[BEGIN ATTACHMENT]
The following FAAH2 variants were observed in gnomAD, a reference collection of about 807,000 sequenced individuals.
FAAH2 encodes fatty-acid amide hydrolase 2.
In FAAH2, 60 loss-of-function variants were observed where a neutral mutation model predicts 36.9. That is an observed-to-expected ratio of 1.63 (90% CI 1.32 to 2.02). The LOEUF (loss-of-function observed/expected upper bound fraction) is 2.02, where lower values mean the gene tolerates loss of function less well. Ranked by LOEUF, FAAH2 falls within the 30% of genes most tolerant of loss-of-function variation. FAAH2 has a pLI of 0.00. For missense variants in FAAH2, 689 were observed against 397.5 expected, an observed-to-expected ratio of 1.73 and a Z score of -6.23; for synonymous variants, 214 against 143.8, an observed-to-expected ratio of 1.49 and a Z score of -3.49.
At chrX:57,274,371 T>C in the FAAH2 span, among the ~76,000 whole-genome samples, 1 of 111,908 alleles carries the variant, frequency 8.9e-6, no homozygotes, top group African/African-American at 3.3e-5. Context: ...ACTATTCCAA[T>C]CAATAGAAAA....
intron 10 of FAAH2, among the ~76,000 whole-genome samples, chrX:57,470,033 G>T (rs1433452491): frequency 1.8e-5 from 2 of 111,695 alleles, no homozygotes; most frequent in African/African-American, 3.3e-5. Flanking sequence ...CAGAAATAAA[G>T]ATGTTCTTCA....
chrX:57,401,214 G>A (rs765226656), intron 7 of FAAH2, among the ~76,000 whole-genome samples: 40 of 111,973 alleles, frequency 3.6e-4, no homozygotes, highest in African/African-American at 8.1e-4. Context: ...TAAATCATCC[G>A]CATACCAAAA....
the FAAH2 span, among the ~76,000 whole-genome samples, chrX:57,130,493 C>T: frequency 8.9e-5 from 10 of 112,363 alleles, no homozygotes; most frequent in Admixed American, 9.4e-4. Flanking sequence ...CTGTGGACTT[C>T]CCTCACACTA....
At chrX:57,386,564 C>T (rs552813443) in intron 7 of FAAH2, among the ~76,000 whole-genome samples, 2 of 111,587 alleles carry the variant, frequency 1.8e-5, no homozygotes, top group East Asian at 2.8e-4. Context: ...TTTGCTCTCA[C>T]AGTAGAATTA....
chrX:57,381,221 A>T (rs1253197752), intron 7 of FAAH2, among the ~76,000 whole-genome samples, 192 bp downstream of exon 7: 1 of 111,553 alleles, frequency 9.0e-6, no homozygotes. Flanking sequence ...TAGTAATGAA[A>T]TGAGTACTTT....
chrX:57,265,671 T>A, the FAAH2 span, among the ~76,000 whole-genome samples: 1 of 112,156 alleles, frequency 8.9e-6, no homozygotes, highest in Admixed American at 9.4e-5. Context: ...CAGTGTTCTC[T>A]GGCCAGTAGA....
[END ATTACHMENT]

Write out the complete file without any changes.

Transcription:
The following FAAH2 variants were observed in gnomAD, a reference collection of about 807,000 sequenced individuals.
FAAH2 encodes fatty-acid amide hydrolase 2.
In FAAH2, 60 loss-of-function variants were observed where a neutral mutation model predicts 36.9. That is an observed-to-expected ratio of 1.63 (90% CI 1.32 to 2.02). The LOEUF (loss-of-function observed/expected upper bound fraction) is 2.02, where lower values mean the gene tolerates loss of function less well. Ranked by LOEUF, FAAH2 falls within the 30% of genes most tolerant of loss-of-function variation. FAAH2 has a pLI of 0.00. For missense variants in FAAH2, 689 were observed against 397.5 expected, an observed-to-expected ratio of 1.73 and a Z score of -6.23; for synonymous variants, 214 against 143.8, an observed-to-expected ratio of 1.49 and a Z score of -3.49.
At chrX:57,274,371 T>C in the FAAH2 span, among the ~76,000 whole-genome samples, 1 of 111,908 alleles carries the variant, frequency 8.9e-6, no homozygotes, top group African/African-American at 3.3e-5. Context: ...ACTATTCCAA[T>C]CAATAGAAAA....
intron 10 of FAAH2, among the ~76,000 whole-genome samples, chrX:57,470,033 G>T (rs1433452491): frequency 1.8e-5 from 2 of 111,695 alleles, no homozygotes; most frequent in African/African-American, 3.3e-5. Flanking sequence ...CAGAAATAAA[G>T]ATGTTCTTCA....
chrX:57,401,214 G>A (rs765226656), intron 7 of FAAH2, among the ~76,000 whole-genome samples: 40 of 111,973 alleles, frequency 3.6e-4, no homozygotes, highest in African/African-American at 8.1e-4. Context: ...TAAATCATCC[G>A]CATACCAAAA....
the FAAH2 span, among the ~76,000 whole-genome samples, chrX:57,130,493 C>T: frequency 8.9e-5 from 10 of 112,363 alleles, no homozygotes; most frequent in Admixed American, 9.4e-4. Flanking sequence ...CTGTGGACTT[C>T]CCTCACACTA....
At chrX:57,386,564 C>T (rs552813443) in intron 7 of FAAH2, among the ~76,000 whole-genome samples, 2 of 111,587 alleles carry the variant, frequency 1.8e-5, no homozygotes, top group East Asian at 2.8e-4. Context: ...TTTGCTCTCA[C>T]AGTAGAATTA....
chrX:57,381,221 A>T (rs1253197752), intron 7 of FAAH2, among the ~76,000 whole-genome samples, 192 bp downstream of exon 7: 1 of 111,553 alleles, frequency 9.0e-6, no homozygotes. Flanking sequence ...TAGTAATGAA[A>T]TGAGTACTTT....
chrX:57,265,671 T>A, the FAAH2 span, among the ~76,000 whole-genome samples: 1 of 112,156 alleles, frequency 8.9e-6, no homozygotes, highest in Admixed American at 9.4e-5. Context: ...CAGTGTTCTC[T>A]GGCCAGTAGA....